2014/1/16 Edgar L. Owen <edgaro...@att.net>
> Once again, that's not the argument in question that proves it, that's a
> different train of thought.
> Liz's "repost" has nothing to do with the argument I'm referencing. She
> clearly doesn't know what it is.
I know it... you're a troll... could you please go back in the cave you
came from ?
> On Wednesday, January 15, 2014 6:21:35 PM UTC-5, Stephen Paul King wrote:
>> Dear LizR,
>> Thank you for the repost!
>> Dear Edgar,
>> There is a reason why "this simple obvious fact" was not recognized in
>> literature. It has been proven to be nonsense.
>> Your concept is: "the time of the present moment (what I call P-time)
>> which is absolute and common to all observers across the universe."
>> P-time is not common to any pair or combination of observers. It cannot
>> be extended in any unambiguous way to span any pair of observers, so forget
>> about greater groups. Each observer has its very own notion of a Present
>> moment" and it is not shared or sharable. To be sharable, there must exist
>> some way to map the observation that one observe might have to that of
>> another and guess what, when we construct the set of possible maps between
>> observers that connects each and every shred of content, all of the
>> "commonality" of a notion of a present moment vanishes!
>> In fact, in the math of GR there is a serious prohibition on a clock
>> that has a size greater than an infinitesimal point! See General
>> Covariance <http://en.wikipedia.org/wiki/General_covariance>. What kind
>> of periodicity do you think such a clock might have? The solution to this
>> obstruction to the notion of clocks in GR is to use something like afiber
>> associate a system to each and every infinitesimal point of the
>> space-time manifold.
>> This has been done http://arxiv.org/abs/quant-ph/0410061.
>> What was found is that each bundle must be completely disconnected from
>> all others. We cannot create a *single* space of points that will map to
>> the set of infinitesimal points that make up a space-time manifold. To do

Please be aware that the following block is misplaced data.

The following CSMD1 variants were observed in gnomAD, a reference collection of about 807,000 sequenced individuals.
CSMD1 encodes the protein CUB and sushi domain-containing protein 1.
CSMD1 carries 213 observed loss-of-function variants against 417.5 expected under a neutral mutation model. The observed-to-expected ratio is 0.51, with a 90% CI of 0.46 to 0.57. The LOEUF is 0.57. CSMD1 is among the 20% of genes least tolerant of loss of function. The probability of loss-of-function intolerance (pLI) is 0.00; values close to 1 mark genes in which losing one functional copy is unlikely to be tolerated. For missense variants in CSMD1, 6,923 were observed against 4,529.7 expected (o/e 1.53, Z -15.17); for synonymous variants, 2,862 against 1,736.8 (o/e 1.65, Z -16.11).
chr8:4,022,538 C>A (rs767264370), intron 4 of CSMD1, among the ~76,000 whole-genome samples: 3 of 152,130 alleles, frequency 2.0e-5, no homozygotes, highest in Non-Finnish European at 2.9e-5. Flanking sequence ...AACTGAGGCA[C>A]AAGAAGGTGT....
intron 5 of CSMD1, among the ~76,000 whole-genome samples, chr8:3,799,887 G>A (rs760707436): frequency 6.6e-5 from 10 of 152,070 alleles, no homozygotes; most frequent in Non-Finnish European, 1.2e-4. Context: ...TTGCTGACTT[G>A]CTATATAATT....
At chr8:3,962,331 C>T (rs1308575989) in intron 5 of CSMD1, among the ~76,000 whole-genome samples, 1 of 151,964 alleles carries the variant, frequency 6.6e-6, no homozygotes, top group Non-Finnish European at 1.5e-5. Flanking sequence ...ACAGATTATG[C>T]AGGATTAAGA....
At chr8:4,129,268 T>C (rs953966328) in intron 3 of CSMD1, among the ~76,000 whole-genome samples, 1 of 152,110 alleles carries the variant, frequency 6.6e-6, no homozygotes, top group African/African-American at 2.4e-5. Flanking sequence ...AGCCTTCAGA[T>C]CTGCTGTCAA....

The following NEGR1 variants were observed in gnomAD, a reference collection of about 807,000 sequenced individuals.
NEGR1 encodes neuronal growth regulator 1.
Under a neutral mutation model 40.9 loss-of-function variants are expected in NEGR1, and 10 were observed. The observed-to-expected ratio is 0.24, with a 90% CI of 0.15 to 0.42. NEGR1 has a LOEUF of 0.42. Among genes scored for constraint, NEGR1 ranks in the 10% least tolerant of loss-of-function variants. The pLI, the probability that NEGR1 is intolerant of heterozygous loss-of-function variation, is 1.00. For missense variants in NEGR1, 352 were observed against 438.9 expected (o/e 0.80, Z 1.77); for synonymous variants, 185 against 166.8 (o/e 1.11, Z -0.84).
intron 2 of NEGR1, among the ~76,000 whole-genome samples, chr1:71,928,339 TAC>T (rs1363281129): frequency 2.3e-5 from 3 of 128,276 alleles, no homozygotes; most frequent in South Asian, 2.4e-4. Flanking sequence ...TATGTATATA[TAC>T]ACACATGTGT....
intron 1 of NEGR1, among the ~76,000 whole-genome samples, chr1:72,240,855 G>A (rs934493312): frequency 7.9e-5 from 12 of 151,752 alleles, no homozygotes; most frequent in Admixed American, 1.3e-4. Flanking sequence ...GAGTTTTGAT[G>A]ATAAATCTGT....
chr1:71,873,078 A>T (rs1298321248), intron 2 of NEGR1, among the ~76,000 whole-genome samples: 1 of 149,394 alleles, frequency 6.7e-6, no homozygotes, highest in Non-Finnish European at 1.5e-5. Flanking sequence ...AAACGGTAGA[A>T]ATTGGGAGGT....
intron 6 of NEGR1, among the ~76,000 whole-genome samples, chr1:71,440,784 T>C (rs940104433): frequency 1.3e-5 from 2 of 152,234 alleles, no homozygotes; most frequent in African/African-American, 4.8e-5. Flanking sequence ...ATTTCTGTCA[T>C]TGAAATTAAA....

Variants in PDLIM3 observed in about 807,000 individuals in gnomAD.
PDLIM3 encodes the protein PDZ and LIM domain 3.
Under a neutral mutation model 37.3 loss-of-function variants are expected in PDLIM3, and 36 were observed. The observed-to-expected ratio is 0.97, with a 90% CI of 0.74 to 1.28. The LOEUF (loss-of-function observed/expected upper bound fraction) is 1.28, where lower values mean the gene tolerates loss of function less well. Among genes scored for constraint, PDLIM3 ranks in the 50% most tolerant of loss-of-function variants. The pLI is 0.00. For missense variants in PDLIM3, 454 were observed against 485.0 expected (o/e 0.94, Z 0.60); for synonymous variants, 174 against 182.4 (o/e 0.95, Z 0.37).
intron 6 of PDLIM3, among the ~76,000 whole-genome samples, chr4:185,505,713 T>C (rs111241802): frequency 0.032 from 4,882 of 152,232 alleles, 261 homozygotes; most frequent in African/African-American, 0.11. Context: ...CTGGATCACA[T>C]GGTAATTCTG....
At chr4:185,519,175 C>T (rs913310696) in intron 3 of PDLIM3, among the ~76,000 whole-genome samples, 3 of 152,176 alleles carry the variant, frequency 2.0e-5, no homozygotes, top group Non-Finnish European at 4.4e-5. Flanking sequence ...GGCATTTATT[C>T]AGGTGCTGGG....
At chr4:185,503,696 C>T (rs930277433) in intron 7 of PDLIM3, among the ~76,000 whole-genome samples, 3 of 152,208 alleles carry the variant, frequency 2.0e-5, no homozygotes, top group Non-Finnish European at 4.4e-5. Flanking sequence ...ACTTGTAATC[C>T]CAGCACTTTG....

>> so would prevent the existence of curvature - commonly known as gravity.
>> A way out is to have an infinite number of totally disconnected spaces,
>> each mapped to a single point of space-time and build your clocks in those
>> spaces. This construction allows for a notion of time that is consistent
>> with both GR and QM but is not consistent with any notion of a *absolute
>> and common P-time for **all observers across the universe*.
>> We do experience gravity, thus the association of a single
>> external computational space to the space-time manifold is not allowed.
>> On Wed, Jan 15, 2014 at 5:59 PM, LizR <liz...@gmail.com> wrote:
>> On 16 January 2014 11:53, Edgar L. Owen <edga...@att.net> wrote:
>> Do you know what my argument is? Quentin also claimed it was invalid but
>> he couldn't tell us what the argument is that he claims is invalid. Do you
>> You argued as follows:
>> The proof is simply the fact that the time traveling twins meet up again
>> with different clock times, but always in the exact same present moment.
>> This proves beyond any doubt there are two kinds of time, clock time which
>> varies by relativistic observer, and the time of the present moment(what I
>> call P-time) which is absolute and common to all observers across
>> the universe.
>> When this is realized there are a number of profound implications.
>> First that time travel outside the common present moment is impossible
>> since all of reality (the entire universe) exists within/is the common
>> present moment. The only time travel that is possible is having
>> different clock times within the same shared present moment.
>> Second, that this is compatible with only one cosmological geometry,
>> named that the universe is a 4-dimensional hypersphere with P-time (not
>> clock time) as its continually extending radial dimension. That is
>> cosmological space is positively curved and finite. In fact we all see all
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All those moments will be lost in time, like tears in rain. (Roy
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